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vietnam-full.jpg USDA - FAS

Trade mission heads to Vietnam, Thailand

Dairy, meat products and corn all could offer potential opportunities for growth in region.

U.S. Department of Agriculture undersecretary for trade and foreign agricultural affairs Ted McKinney is scheduled to lead a USDA trade mission to Vietnam Oct. 15-18, accompanied by nearly 80 industry and government representatives seeking to expand agricultural exports to one of the fastest-growing regions of the world. The mission will be based in Ho Chi Minh City, Vietnam, and will also include buyer delegations from Thailand and Burma (Myanmar).

Vietnam is the seventh-largest destination for U.S. agricultural products. The top five global exports of consumer-oriented products to Vietnam include fresh and processed vegetables, beef and beef products, fresh fruits, tree nuts and food preparations and miscellaneous beverages. 

“The size of this trade mission delegation speaks to the phenomenal potential that exists for U.S. exporters in Vietnam and surrounding countries,” McKinney said. “Since the United States normalized relations with Vietnam in 1995, our agricultural exports have grown exponentially, reaching a record $4 billion last year. Sales of U.S. food and farm products to Thailand and Burma also set records in 2018, topping $2.1 billion and $126 million, respectively.”

A recent Foreign Agricultural Service (FAS) report stated that the formerly agrarian-based economies of Vietnam, Thailand, and Burma no longer rely on domestic agricultural production as the primary source of food and just last year imported a combined total of more than $42 billion in agricultural goods. Of that total, the U.S. exported more than $2.1 billion to Thailand, $4.0 billion to Vietnam and $126.7 million to Burma.

“Going forward, U.S. agricultural producers should concentrate on expanding partnerships within the three countries, especially as their economies continue to develop and per capita incomes rise,” the FAS "Growing Markets" report stated.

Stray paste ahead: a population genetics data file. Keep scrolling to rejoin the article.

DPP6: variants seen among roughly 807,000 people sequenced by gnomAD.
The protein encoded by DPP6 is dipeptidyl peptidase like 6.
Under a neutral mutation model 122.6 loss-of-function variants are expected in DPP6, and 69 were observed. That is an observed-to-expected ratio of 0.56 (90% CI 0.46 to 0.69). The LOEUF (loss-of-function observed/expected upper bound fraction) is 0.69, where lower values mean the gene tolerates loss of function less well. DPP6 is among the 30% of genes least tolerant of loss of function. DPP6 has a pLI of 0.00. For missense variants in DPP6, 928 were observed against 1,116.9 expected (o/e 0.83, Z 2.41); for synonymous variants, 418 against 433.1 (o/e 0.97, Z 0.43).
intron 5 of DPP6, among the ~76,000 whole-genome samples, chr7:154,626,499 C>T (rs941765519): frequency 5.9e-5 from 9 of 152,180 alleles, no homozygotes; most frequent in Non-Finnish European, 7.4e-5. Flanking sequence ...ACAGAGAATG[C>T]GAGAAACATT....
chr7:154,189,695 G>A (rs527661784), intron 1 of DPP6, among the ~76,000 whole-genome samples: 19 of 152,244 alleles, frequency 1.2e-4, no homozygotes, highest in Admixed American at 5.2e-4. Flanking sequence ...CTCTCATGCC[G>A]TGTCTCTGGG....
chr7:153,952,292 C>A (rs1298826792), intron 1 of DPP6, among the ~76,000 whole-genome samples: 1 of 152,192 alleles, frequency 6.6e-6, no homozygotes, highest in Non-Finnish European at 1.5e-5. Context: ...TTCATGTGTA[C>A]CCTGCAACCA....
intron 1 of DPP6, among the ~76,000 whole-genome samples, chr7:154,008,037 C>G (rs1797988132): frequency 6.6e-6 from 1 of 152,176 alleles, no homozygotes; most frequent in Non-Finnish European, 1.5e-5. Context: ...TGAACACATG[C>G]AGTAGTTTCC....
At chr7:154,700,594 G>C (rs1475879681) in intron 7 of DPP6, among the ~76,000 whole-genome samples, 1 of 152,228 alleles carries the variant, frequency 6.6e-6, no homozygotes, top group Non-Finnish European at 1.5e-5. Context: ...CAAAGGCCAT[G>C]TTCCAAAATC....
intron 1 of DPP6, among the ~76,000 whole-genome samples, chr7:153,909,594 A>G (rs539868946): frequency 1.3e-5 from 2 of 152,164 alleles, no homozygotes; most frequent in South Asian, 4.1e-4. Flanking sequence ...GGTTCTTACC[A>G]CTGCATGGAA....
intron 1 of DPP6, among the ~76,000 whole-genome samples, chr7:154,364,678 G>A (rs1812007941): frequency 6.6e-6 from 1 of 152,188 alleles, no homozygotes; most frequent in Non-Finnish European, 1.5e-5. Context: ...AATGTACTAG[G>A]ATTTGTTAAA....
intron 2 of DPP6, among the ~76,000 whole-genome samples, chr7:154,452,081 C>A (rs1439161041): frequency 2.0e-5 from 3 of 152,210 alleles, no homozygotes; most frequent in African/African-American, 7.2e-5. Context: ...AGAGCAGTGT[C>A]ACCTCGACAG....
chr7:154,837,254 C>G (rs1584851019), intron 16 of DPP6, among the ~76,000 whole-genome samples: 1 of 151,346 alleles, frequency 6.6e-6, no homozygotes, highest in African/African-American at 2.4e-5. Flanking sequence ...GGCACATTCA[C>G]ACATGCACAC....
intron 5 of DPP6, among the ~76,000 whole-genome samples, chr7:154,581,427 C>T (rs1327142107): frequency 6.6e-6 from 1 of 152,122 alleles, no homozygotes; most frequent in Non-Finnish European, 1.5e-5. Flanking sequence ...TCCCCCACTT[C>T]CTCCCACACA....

The report added that dairy could be a top prospect for growth in Vietnam and Thailand. U.S. exports of dairy to Vietnam reached $145 million in 2018, a 29% increase from 2017. Despite strong competition from countries that enjoy preferential tariffs via free trade agreements with Vietnam (such as New Zealand, Australia and Europe), U.S. dairy products have a strong position in the Vietnamese market.

Export values for U.S. skim milk powder ranked highest in the dairy products group in 2018 based on a strong U.S. supply advantage. Additionally, demand has been increasing for ingredients in Vietnam’s dairy sector, which has grown 10-12% annually. In addition to milk powder, there is strong potential for processed cheese to supply the expanding foodservice sector, with the export value for these products increasing by 25% to $570,000 in 2018, FAS said.

The U.S. chiefly sells whey, milk powder and lactose to Thailand. However, the fastest-growing dairy segment for the U.S. in Thailand is cheese, with sales of $6.5 million in cheese products last year, up from $4.6 million in 2014.

Over the last decade, Vietnam’s consumption of meat has risen in line with the growing middle class. The country’s booming hotel, restaurant and industry sectors continue to drive up demand for imported beef, pork, poultry and seafood.

U.S. beef exports to Vietnam grew 35% from 2017 to 2018 to nearly $82 million. U.S. pork, despite facing strong competition from Europe, saw tremendous growth in 2018, increasing 191% to $35 million. The recent improvements in Vietnam’s meat processing industry, supported by increases in both local and foreign investment, have also driven the country’s demand for pork.

“In addition to Vietnam’s foodservice industry, U.S. pork producers should look to Vietnam’s meat processing industry as a market for pork trimming and other budget cuts,” FAS stated.

U.S. poultry exports had a record year in 2018, reaching $110 million, and exports remained strong during the first seven months of 2019.

Due to the rapid expansion of the Burmese livestock industry, FAS said experts predict increases in corn imports for feeding purposes. In 2018, the U.S. was the second-largest exporter of corn to Burma, behind Thailand. In 2018, Burma imported $1.1 million in corn from the world and $384,000 from the U.S.

Joining McKinney on the mission will be the heads of six state agriculture departments: Benjamin Thomas of Montana, Jeff Witte of New Mexico, Doug Goehring of North Dakota, Kim Vanneman of South Dakota, Sid Miller of Texas and Doug Miyamoto of Wyoming. Officials from the Georgia, Maine, Minnesota, Tennessee, Virginia, Wisconsin and Washington departments of agriculture will participate as well.

The trip will further include individuals representing the American Feed Industry Assn., Food Export Assn. of the Midwest USA, Isa Beefmasters, U.S. Dairy Export Council, U.S. Grains Council, U.S. Livestock Genetics Export Inc., U.S. Soybean Export Council and United Dairy Ingredients Group LLC.

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